Description of Research
Even in fleeting social interactions, we are able to extract a large amount of information about others. With a glance, we can identify a person, infer their emotional state, determine their gender, estimate their age, assess their attractiveness, and surmise the focus of their thoughts. Much of this information comes from the face, and our group attempts to develop our understanding of the neurocognitive mechanisms that allow us to perform these subtle tasks so effortlessly.
We study these processes in both neurologially-typical individuals and individuals with neuropsychological impairments. Much of our research focuses on individuals with impairments that affect their ability to recognize faces, a condition called prosopagnosia. Evidence from prosopagnosia helps us understand the nature of the mechanisms used for social perception, where they are located in the brain, how these mechanisms develop, and if training can improve their functioning.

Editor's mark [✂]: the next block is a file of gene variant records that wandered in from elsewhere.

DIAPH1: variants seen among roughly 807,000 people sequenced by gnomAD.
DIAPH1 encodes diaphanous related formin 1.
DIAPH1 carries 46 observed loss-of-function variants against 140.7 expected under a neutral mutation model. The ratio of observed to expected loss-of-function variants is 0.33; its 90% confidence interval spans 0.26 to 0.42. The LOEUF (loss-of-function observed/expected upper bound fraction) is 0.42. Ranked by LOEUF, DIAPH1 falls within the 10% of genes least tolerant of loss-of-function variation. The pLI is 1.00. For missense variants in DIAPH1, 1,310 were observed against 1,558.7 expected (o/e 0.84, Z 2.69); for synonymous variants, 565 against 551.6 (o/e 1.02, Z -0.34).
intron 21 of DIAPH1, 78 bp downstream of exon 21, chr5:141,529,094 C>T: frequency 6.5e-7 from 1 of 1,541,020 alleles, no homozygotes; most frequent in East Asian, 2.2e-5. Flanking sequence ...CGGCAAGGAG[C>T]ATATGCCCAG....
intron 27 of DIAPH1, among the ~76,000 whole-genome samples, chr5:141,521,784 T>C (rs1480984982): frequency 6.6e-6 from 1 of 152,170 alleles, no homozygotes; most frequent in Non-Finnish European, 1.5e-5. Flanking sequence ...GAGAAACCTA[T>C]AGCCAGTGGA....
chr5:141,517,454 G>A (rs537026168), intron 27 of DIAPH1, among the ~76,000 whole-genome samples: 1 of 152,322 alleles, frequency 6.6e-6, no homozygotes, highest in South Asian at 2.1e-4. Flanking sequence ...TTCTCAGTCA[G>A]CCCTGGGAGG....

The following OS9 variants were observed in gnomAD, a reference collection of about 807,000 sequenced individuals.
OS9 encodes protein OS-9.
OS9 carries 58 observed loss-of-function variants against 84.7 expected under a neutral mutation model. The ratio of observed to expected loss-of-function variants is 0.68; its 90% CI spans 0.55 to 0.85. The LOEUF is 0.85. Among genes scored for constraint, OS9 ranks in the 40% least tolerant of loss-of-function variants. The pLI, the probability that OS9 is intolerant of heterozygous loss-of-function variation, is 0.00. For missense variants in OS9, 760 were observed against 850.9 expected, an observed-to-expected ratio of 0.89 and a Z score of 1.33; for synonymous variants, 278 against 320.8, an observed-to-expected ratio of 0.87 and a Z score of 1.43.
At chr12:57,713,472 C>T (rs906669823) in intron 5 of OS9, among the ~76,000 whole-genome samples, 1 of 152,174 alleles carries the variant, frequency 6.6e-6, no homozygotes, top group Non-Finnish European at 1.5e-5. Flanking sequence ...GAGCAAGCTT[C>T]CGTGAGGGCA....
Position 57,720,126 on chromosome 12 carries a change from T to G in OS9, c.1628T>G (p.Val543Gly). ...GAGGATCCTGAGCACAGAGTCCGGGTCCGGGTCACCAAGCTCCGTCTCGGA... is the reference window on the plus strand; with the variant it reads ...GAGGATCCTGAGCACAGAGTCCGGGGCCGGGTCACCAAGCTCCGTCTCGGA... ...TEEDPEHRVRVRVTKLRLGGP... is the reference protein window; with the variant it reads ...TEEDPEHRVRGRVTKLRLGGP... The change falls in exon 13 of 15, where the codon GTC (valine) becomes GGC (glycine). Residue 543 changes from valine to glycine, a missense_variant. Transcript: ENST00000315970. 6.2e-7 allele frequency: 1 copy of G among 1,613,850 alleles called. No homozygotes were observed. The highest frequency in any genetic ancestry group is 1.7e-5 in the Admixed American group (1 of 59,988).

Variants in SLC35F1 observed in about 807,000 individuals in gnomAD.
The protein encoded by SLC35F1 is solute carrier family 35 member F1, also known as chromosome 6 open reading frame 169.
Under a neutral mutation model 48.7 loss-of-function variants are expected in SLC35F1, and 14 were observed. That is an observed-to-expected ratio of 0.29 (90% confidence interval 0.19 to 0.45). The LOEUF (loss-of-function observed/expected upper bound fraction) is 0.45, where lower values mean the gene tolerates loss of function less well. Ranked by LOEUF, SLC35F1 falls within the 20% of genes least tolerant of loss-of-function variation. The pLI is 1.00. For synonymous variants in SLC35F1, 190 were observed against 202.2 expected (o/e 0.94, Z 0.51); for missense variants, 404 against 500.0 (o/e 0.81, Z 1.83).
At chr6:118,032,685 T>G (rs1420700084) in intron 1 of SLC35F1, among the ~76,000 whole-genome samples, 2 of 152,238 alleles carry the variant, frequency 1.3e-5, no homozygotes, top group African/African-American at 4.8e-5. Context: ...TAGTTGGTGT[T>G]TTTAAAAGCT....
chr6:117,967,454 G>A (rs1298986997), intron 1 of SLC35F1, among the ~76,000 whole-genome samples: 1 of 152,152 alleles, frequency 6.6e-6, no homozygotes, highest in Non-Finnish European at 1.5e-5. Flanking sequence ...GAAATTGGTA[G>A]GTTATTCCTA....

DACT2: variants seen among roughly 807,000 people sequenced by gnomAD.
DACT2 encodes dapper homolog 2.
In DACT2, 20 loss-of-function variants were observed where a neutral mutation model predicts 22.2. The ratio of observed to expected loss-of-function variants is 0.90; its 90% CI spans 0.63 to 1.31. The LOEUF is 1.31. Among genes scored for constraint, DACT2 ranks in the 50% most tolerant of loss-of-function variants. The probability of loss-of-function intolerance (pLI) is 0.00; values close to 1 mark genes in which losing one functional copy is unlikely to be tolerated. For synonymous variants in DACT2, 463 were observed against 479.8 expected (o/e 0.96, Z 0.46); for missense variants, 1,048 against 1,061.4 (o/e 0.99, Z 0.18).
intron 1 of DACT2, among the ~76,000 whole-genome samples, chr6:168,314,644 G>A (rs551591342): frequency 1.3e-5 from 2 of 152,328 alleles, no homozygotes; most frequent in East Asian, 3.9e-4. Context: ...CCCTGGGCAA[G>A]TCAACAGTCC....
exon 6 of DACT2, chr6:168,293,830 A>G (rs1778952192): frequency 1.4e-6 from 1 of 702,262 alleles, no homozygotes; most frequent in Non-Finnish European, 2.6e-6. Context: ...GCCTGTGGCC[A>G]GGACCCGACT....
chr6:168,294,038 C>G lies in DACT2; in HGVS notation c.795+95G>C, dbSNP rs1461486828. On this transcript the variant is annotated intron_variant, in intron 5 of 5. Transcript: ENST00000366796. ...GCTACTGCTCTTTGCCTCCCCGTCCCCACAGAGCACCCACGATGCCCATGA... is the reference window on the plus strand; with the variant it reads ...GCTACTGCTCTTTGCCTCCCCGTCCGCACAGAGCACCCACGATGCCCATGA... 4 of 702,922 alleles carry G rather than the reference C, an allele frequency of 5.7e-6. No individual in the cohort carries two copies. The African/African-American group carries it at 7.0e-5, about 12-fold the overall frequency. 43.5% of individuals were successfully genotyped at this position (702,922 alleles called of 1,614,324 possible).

For more information, please see http://www.faceblind.org/social_perception